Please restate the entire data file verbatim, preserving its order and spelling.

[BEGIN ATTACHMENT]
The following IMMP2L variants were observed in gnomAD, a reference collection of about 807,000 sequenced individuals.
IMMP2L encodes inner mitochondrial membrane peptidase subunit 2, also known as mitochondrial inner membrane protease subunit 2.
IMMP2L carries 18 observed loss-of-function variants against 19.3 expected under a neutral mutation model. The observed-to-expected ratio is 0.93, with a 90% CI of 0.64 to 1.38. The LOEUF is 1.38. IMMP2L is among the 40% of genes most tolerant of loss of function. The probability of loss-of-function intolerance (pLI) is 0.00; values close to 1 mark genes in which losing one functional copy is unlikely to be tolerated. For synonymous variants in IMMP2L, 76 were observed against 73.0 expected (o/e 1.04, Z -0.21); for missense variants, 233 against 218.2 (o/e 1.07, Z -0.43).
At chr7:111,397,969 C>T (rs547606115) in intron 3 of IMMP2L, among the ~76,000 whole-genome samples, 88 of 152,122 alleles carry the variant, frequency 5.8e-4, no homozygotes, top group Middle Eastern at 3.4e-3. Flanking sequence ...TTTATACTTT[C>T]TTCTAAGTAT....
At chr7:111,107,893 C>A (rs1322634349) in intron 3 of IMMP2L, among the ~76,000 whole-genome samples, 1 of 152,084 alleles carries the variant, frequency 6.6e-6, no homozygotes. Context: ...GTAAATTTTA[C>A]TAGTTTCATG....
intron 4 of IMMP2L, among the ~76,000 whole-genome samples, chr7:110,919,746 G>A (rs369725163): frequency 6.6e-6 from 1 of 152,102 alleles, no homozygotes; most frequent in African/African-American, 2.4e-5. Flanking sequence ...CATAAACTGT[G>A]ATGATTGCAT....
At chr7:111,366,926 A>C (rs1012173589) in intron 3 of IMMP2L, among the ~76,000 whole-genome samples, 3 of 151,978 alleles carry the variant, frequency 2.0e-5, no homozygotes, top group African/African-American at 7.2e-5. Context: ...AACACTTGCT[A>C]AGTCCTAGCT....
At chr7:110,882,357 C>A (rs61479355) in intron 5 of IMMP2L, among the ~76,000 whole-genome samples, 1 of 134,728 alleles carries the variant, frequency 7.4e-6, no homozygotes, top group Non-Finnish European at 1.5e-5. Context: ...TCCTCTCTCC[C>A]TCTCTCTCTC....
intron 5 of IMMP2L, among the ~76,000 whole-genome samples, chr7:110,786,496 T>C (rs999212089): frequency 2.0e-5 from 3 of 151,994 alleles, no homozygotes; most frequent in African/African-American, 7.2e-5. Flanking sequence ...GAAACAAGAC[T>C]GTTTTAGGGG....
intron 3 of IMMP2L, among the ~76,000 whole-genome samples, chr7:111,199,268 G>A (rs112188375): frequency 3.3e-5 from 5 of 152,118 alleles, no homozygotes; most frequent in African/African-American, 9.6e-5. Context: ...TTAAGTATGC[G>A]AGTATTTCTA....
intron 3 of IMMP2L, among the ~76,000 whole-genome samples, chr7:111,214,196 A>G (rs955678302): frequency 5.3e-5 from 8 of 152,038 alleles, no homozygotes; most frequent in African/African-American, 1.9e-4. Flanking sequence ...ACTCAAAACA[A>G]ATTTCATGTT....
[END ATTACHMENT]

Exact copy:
The following IMMP2L variants were observed in gnomAD, a reference collection of about 807,000 sequenced individuals.
IMMP2L encodes inner mitochondrial membrane peptidase subunit 2, also known as mitochondrial inner membrane protease subunit 2.
IMMP2L carries 18 observed loss-of-function variants against 19.3 expected under a neutral mutation model. The observed-to-expected ratio is 0.93, with a 90% CI of 0.64 to 1.38. The LOEUF is 1.38. IMMP2L is among the 40% of genes most tolerant of loss of function. The probability of loss-of-function intolerance (pLI) is 0.00; values close to 1 mark genes in which losing one functional copy is unlikely to be tolerated. For synonymous variants in IMMP2L, 76 were observed against 73.0 expected (o/e 1.04, Z -0.21); for missense variants, 233 against 218.2 (o/e 1.07, Z -0.43).
At chr7:111,397,969 C>T (rs547606115) in intron 3 of IMMP2L, among the ~76,000 whole-genome samples, 88 of 152,122 alleles carry the variant, frequency 5.8e-4, no homozygotes, top group Middle Eastern at 3.4e-3. Flanking sequence ...TTTATACTTT[C>T]TTCTAAGTAT....
At chr7:111,107,893 C>A (rs1322634349) in intron 3 of IMMP2L, among the ~76,000 whole-genome samples, 1 of 152,084 alleles carries the variant, frequency 6.6e-6, no homozygotes. Context: ...GTAAATTTTA[C>A]TAGTTTCATG....
intron 4 of IMMP2L, among the ~76,000 whole-genome samples, chr7:110,919,746 G>A (rs369725163): frequency 6.6e-6 from 1 of 152,102 alleles, no homozygotes; most frequent in African/African-American, 2.4e-5. Flanking sequence ...CATAAACTGT[G>A]ATGATTGCAT....
At chr7:111,366,926 A>C (rs1012173589) in intron 3 of IMMP2L, among the ~76,000 whole-genome samples, 3 of 151,978 alleles carry the variant, frequency 2.0e-5, no homozygotes, top group African/African-American at 7.2e-5. Context: ...AACACTTGCT[A>C]AGTCCTAGCT....
At chr7:110,882,357 C>A (rs61479355) in intron 5 of IMMP2L, among the ~76,000 whole-genome samples, 1 of 134,728 alleles carries the variant, frequency 7.4e-6, no homozygotes, top group Non-Finnish European at 1.5e-5. Context: ...TCCTCTCTCC[C>A]TCTCTCTCTC....
intron 5 of IMMP2L, among the ~76,000 whole-genome samples, chr7:110,786,496 T>C (rs999212089): frequency 2.0e-5 from 3 of 151,994 alleles, no homozygotes; most frequent in African/African-American, 7.2e-5. Flanking sequence ...GAAACAAGAC[T>C]GTTTTAGGGG....
intron 3 of IMMP2L, among the ~76,000 whole-genome samples, chr7:111,199,268 G>A (rs112188375): frequency 3.3e-5 from 5 of 152,118 alleles, no homozygotes; most frequent in African/African-American, 9.6e-5. Context: ...TTAAGTATGC[G>A]AGTATTTCTA....
intron 3 of IMMP2L, among the ~76,000 whole-genome samples, chr7:111,214,196 A>G (rs955678302): frequency 5.3e-5 from 8 of 152,038 alleles, no homozygotes; most frequent in African/African-American, 1.9e-4. Flanking sequence ...ACTCAAAACA[A>G]ATTTCATGTT....